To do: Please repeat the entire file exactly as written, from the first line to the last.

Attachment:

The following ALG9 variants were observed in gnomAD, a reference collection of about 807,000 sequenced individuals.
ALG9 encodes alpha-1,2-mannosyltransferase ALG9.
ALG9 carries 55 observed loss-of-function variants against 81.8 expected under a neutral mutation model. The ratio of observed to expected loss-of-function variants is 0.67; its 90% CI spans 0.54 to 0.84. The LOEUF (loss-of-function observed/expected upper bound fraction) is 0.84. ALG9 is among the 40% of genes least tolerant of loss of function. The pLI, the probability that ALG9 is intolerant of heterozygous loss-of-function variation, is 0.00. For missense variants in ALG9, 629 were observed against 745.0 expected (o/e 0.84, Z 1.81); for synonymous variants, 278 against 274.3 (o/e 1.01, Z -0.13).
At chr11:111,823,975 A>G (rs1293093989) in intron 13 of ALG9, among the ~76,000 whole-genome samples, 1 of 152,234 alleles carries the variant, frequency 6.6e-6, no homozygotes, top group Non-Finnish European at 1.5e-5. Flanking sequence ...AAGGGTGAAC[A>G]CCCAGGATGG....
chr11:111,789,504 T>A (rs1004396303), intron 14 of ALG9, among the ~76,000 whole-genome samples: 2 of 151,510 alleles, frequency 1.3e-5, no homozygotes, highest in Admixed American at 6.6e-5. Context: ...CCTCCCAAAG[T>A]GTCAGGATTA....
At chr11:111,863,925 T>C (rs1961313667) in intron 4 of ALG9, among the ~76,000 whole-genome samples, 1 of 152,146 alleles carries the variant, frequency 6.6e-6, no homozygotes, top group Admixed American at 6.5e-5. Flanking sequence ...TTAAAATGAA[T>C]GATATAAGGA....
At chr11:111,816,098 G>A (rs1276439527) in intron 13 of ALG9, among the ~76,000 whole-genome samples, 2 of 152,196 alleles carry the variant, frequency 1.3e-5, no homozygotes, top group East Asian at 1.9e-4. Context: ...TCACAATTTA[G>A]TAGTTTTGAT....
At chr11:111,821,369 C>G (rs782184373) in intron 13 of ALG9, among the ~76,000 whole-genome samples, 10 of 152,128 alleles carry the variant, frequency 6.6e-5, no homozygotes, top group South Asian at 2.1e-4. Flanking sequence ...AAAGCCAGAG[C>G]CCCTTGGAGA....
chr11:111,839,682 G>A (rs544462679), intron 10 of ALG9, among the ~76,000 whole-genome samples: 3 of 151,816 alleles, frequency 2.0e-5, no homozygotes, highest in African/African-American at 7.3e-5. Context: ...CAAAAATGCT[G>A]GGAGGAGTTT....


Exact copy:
The following ALG9 variants were observed in gnomAD, a reference collection of about 807,000 sequenced individuals.
ALG9 encodes alpha-1,2-mannosyltransferase ALG9.
ALG9 carries 55 observed loss-of-function variants against 81.8 expected under a neutral mutation model. The ratio of observed to expected loss-of-function variants is 0.67; its 90% CI spans 0.54 to 0.84. The LOEUF (loss-of-function observed/expected upper bound fraction) is 0.84. ALG9 is among the 40% of genes least tolerant of loss of function. The pLI, the probability that ALG9 is intolerant of heterozygous loss-of-function variation, is 0.00. For missense variants in ALG9, 629 were observed against 745.0 expected (o/e 0.84, Z 1.81); for synonymous variants, 278 against 274.3 (o/e 1.01, Z -0.13).
At chr11:111,823,975 A>G (rs1293093989) in intron 13 of ALG9, among the ~76,000 whole-genome samples, 1 of 152,234 alleles carries the variant, frequency 6.6e-6, no homozygotes, top group Non-Finnish European at 1.5e-5. Flanking sequence ...AAGGGTGAAC[A>G]CCCAGGATGG....
chr11:111,789,504 T>A (rs1004396303), intron 14 of ALG9, among the ~76,000 whole-genome samples: 2 of 151,510 alleles, frequency 1.3e-5, no homozygotes, highest in Admixed American at 6.6e-5. Context: ...CCTCCCAAAG[T>A]GTCAGGATTA....
At chr11:111,863,925 T>C (rs1961313667) in intron 4 of ALG9, among the ~76,000 whole-genome samples, 1 of 152,146 alleles carries the variant, frequency 6.6e-6, no homozygotes, top group Admixed American at 6.5e-5. Flanking sequence ...TTAAAATGAA[T>C]GATATAAGGA....
At chr11:111,816,098 G>A (rs1276439527) in intron 13 of ALG9, among the ~76,000 whole-genome samples, 2 of 152,196 alleles carry the variant, frequency 1.3e-5, no homozygotes, top group East Asian at 1.9e-4. Context: ...TCACAATTTA[G>A]TAGTTTTGAT....
At chr11:111,821,369 C>G (rs782184373) in intron 13 of ALG9, among the ~76,000 whole-genome samples, 10 of 152,128 alleles carry the variant, frequency 6.6e-5, no homozygotes, top group South Asian at 2.1e-4. Flanking sequence ...AAAGCCAGAG[C>G]CCCTTGGAGA....
chr11:111,839,682 G>A (rs544462679), intron 10 of ALG9, among the ~76,000 whole-genome samples: 3 of 151,816 alleles, frequency 2.0e-5, no homozygotes, highest in African/African-American at 7.3e-5. Context: ...CAAAAATGCT[G>A]GGAGGAGTTT....